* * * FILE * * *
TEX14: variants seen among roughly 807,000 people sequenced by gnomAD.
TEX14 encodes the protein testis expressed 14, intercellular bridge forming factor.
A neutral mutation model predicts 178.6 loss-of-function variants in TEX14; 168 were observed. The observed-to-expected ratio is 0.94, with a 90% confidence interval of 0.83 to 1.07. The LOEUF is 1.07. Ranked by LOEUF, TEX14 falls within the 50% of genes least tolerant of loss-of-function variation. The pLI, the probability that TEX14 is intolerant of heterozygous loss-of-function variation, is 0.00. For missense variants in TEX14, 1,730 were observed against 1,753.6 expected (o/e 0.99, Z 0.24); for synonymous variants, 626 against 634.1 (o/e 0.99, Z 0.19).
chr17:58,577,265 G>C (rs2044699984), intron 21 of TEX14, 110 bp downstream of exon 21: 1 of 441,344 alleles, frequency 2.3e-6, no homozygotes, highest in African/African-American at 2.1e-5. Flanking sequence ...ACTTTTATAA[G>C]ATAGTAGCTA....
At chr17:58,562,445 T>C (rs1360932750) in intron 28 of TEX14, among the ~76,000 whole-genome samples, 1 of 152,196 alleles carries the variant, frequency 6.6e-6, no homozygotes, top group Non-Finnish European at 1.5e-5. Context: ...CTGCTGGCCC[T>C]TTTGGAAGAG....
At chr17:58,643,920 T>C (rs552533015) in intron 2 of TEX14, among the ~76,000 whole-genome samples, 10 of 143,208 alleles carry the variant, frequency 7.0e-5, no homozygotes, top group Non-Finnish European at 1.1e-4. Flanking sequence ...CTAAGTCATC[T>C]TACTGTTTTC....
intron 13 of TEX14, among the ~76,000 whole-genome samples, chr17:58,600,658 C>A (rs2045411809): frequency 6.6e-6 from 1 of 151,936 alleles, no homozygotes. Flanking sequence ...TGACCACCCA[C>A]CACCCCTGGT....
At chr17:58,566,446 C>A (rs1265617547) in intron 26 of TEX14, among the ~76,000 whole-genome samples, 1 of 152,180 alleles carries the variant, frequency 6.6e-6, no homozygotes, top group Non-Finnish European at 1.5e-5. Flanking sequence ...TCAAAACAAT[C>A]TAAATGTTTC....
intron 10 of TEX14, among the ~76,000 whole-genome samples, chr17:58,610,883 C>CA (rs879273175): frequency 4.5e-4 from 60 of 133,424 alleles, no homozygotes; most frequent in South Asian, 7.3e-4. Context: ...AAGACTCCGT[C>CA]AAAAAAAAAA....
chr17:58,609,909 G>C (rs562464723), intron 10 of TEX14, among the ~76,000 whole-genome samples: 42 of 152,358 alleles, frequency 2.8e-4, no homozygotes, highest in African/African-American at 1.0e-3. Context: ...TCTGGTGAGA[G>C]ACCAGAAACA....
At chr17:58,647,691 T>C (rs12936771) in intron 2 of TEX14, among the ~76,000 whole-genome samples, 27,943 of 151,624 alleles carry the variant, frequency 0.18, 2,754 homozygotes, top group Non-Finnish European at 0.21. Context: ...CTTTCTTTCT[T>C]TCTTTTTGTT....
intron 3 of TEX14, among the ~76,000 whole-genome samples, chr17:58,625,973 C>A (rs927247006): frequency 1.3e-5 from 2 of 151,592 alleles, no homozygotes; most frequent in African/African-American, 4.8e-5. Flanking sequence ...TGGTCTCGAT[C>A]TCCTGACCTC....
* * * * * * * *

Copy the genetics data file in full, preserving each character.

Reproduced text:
TEX14: variants seen among roughly 807,000 people sequenced by gnomAD.
TEX14 encodes the protein testis expressed 14, intercellular bridge forming factor.
A neutral mutation model predicts 178.6 loss-of-function variants in TEX14; 168 were observed. The observed-to-expected ratio is 0.94, with a 90% confidence interval of 0.83 to 1.07. The LOEUF is 1.07. Ranked by LOEUF, TEX14 falls within the 50% of genes least tolerant of loss-of-function variation. The pLI, the probability that TEX14 is intolerant of heterozygous loss-of-function variation, is 0.00. For missense variants in TEX14, 1,730 were observed against 1,753.6 expected (o/e 0.99, Z 0.24); for synonymous variants, 626 against 634.1 (o/e 0.99, Z 0.19).
chr17:58,577,265 G>C (rs2044699984), intron 21 of TEX14, 110 bp downstream of exon 21: 1 of 441,344 alleles, frequency 2.3e-6, no homozygotes, highest in African/African-American at 2.1e-5. Flanking sequence ...ACTTTTATAA[G>C]ATAGTAGCTA....
At chr17:58,562,445 T>C (rs1360932750) in intron 28 of TEX14, among the ~76,000 whole-genome samples, 1 of 152,196 alleles carries the variant, frequency 6.6e-6, no homozygotes, top group Non-Finnish European at 1.5e-5. Context: ...CTGCTGGCCC[T>C]TTTGGAAGAG....
At chr17:58,643,920 T>C (rs552533015) in intron 2 of TEX14, among the ~76,000 whole-genome samples, 10 of 143,208 alleles carry the variant, frequency 7.0e-5, no homozygotes, top group Non-Finnish European at 1.1e-4. Flanking sequence ...CTAAGTCATC[T>C]TACTGTTTTC....
intron 13 of TEX14, among the ~76,000 whole-genome samples, chr17:58,600,658 C>A (rs2045411809): frequency 6.6e-6 from 1 of 151,936 alleles, no homozygotes. Flanking sequence ...TGACCACCCA[C>A]CACCCCTGGT....
At chr17:58,566,446 C>A (rs1265617547) in intron 26 of TEX14, among the ~76,000 whole-genome samples, 1 of 152,180 alleles carries the variant, frequency 6.6e-6, no homozygotes, top group Non-Finnish European at 1.5e-5. Flanking sequence ...TCAAAACAAT[C>A]TAAATGTTTC....
intron 10 of TEX14, among the ~76,000 whole-genome samples, chr17:58,610,883 C>CA (rs879273175): frequency 4.5e-4 from 60 of 133,424 alleles, no homozygotes; most frequent in South Asian, 7.3e-4. Context: ...AAGACTCCGT[C>CA]AAAAAAAAAA....
chr17:58,609,909 G>C (rs562464723), intron 10 of TEX14, among the ~76,000 whole-genome samples: 42 of 152,358 alleles, frequency 2.8e-4, no homozygotes, highest in African/African-American at 1.0e-3. Context: ...TCTGGTGAGA[G>C]ACCAGAAACA....
At chr17:58,647,691 T>C (rs12936771) in intron 2 of TEX14, among the ~76,000 whole-genome samples, 27,943 of 151,624 alleles carry the variant, frequency 0.18, 2,754 homozygotes, top group Non-Finnish European at 0.21. Context: ...CTTTCTTTCT[T>C]TCTTTTTGTT....
intron 3 of TEX14, among the ~76,000 whole-genome samples, chr17:58,625,973 C>A (rs927247006): frequency 1.3e-5 from 2 of 151,592 alleles, no homozygotes; most frequent in African/African-American, 4.8e-5. Flanking sequence ...TGGTCTCGAT[C>A]TCCTGACCTC....